From B2B, to B2C, the common theme at the online retail logistics conference was the rise of the consumer and the importance of customer service. In an Australian first, the Online Retail Logistics conference discussed the latest shipping barriers and customer expectations.
With industry speakers from eBay, Australia Post, IBM Australia and Kogan.com, the changing face of retail was one of the key themes at the inaugural Online Retail Logistics conference that took place last week.
Stuart Harker, the Global Retail and Consumer Advisory Partner at PricewaterhouseCoopers Australia, summed up the changing online environment in a few simple words. “It’s not just clicking anymore.”
Harker opened the conference by discussing the changing face of retail, and the need for retailers to lean-up their supply chains, and implement strategies to cope with the multi-screening trend of consumers.
Delivery costs and options will also make a big difference, but according the Elie Shuggie from eBay Australia, it isn’t just enough to get the supply chain right as the age of the discerning consumer is upon us.
“Buyers and sellers want to know that’s happening in their terms so they want clear information in the right language – you need to show the buyer that you’ve dropped the parcel and then you need to show them again that it’s been delivered”
We’ve now entered an age where online customer service is paramount to the success of pureplay and omnichannel retailers. According the eBay shipping expert, “free returns is now the industry standard” and it can also add favour if you offer a postage label inside the box.
There was also a lot of discussion about the importance of speed when delivering online goods. According to Dirk van Lammeren, the General Manager of the eCommerce Program at Australia Post, consumers “don’t see your channels, they see your brand”
This idea was then countered by Justus Wilde, the Founder of Amblique consulting, “speed drives conversion and frequency. 77% of carts are abandoned and 53% of this is related to freight.”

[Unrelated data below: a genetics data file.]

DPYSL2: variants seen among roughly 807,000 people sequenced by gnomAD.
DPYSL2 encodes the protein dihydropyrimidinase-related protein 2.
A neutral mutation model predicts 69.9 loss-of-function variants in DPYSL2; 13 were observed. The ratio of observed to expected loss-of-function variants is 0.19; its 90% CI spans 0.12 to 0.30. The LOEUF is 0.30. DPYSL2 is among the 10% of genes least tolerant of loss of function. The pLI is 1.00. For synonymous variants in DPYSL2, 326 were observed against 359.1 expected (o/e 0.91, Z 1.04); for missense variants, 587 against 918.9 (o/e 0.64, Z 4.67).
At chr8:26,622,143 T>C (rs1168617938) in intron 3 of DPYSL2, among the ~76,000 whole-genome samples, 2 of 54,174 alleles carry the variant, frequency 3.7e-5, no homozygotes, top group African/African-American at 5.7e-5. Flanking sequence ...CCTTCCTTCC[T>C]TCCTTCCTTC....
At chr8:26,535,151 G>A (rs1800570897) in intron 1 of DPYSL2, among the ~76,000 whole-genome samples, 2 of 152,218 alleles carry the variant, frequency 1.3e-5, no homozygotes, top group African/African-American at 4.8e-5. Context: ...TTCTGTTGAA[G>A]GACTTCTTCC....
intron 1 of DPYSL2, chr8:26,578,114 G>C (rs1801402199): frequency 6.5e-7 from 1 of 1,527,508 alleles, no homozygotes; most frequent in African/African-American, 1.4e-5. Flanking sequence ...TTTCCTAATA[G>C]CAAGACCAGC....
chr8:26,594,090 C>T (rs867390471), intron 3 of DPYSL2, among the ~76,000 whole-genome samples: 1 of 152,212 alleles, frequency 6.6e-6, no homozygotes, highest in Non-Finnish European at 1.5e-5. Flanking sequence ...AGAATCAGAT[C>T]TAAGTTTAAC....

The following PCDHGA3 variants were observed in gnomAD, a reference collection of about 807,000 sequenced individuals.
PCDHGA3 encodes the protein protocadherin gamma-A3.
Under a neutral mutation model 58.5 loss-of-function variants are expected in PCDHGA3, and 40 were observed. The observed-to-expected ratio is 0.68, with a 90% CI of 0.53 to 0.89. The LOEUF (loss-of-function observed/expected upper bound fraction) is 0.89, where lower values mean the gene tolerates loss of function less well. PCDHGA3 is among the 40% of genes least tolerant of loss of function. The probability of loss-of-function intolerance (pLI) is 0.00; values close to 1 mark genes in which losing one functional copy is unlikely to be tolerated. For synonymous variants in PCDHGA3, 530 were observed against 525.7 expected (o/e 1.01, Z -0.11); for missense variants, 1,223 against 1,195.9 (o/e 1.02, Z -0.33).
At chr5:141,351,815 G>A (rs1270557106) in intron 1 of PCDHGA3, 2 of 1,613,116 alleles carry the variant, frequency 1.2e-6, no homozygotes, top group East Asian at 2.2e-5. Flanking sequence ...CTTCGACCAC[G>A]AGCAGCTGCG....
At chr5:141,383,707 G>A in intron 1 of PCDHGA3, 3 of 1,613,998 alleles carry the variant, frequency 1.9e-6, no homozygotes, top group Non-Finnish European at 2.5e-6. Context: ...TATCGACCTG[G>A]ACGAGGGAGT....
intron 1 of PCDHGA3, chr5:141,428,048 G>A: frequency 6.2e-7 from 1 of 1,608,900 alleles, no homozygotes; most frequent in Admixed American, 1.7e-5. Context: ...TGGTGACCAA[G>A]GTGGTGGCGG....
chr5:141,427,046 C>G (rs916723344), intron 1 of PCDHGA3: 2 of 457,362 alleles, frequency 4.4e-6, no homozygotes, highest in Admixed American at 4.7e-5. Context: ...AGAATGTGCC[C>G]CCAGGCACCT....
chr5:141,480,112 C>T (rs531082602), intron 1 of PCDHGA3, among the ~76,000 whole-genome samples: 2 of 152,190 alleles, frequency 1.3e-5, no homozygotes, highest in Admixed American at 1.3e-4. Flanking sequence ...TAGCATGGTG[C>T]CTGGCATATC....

According to Executive Director of kogan.com, David Shafer, “customers are the company’s biggest asset”. So even if you choose to focus on the brand, or the speed of delivery, the forefront of your agenda should be to make sure the customer is happy. However, it was only the means with which to please the customer that differed.
The Free Delivery Conundrum
Being a logistics conference, delivery costs were some of the most hotly discussed issues at this event.
Adam MacArthur, CEO of ParcelPoint, discussed the pros and cons of free delivery. “Free delivery is a massive conversion driver, but it also has cost considerations as well.” Adam suggested that if free delivery creates too many overheads on the business, retailers should offer a range of delivery options at the check-out including a more expensive express option.
Of course, each different retailer will have its own unique problems that need to be resolved in the fulfillment of bought goods. Sharon MacDonald, the General Manager of Customer Experience at Star Track, suggested that customers are willing to pay extra for delivery if they receive real-time tracking information and great service.
According to Sharon, “[Star Track] may charge a higher price but we pride ourselves on service and being adaptable.”
But as Jethro Marks, Director of Mercury Retail discusses; “If you haven’t made the right use of the right technology at the right time then you’re not making use of your network”
Let us know what strategies you think are the most efficient for a growing online retail market. We’re looking forward to seeing what the experts have to say next year.
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